There is enough fuel to stoke the fire on both sides of the argument. One of the major critics of the low salt campaign is Dr Michael Alderman, Professor of Medicine and Population Health at Albert Einstein College of Medicine in New York. Alderman’s group has published several papers that have controversially argued that reducing salt intake actually increases the risk of suffering a heart attack. These studies have been pounced upon by leading medics around the world and heavily criticised for the methods used, erroneous interpretation of results, and so on.
Two of these studies were analysis of the first and second National Health and Nutrition Examination Survey (NHANES I and II) conducted in several thousand individuals in the US. In both sodium intake was estimated from a single 24- hour recall of foods eaten. This is a notoriously inaccurate method of determining the intake of a nutrient and this has been the major criticism. Nevertheless data from both surveys show an inverse association with cardiovascular disease mortality. In other words contrary to mainstream thinking, those with lower salt intakes had more cardiovascular disease.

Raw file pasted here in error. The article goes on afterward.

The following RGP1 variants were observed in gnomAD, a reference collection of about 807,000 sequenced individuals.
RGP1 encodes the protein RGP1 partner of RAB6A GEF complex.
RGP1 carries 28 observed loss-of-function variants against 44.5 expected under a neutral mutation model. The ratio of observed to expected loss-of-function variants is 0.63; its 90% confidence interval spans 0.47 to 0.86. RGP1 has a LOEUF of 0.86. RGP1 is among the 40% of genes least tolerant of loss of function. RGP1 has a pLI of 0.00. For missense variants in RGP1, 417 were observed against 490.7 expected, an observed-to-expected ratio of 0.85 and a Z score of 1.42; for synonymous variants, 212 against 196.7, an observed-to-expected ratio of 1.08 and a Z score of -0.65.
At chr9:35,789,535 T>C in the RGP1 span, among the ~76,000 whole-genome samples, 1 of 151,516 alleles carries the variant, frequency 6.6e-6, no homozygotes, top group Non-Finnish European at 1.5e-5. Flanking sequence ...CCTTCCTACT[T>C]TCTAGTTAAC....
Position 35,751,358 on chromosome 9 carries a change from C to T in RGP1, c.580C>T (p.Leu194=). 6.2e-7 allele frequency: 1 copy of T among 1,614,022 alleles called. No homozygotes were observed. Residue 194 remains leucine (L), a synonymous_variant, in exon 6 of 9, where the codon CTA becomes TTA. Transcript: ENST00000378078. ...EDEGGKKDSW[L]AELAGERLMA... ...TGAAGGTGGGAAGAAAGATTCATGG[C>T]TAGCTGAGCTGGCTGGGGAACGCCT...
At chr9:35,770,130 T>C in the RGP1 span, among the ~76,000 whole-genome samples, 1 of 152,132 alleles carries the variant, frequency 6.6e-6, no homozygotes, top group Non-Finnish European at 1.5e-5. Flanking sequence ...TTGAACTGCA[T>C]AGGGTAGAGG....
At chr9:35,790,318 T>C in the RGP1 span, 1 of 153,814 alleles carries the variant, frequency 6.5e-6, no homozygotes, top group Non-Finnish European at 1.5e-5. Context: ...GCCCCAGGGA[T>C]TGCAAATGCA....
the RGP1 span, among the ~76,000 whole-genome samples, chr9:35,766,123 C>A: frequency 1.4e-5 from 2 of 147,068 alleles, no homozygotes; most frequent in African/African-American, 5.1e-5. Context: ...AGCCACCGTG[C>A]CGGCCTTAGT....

One other study, the Scottish Heart Study likewise found an inverse association with all cause mortality, but only in men. In women, the more salt they ate the more heart disease they got. Similarly, three others groups have shown the expected rise in cardiovascular disease risk and/or all cause mortality as salt intake increases: a subset of those who were overweight in the NHANES I study, a study from Finland and one from Japan.
Two further similar studies sit on the fence having found no statistically significant relationships. Of course observational studies such as these cannot conclude cause and effect.
In other words, a low or high salt intake may simply be a marker for some other factor that affects cardiovascular disease risk, and these confounding factors may explain the discrepancies. Nevertheless we cannot simply dismiss the fact that there are conflicting results.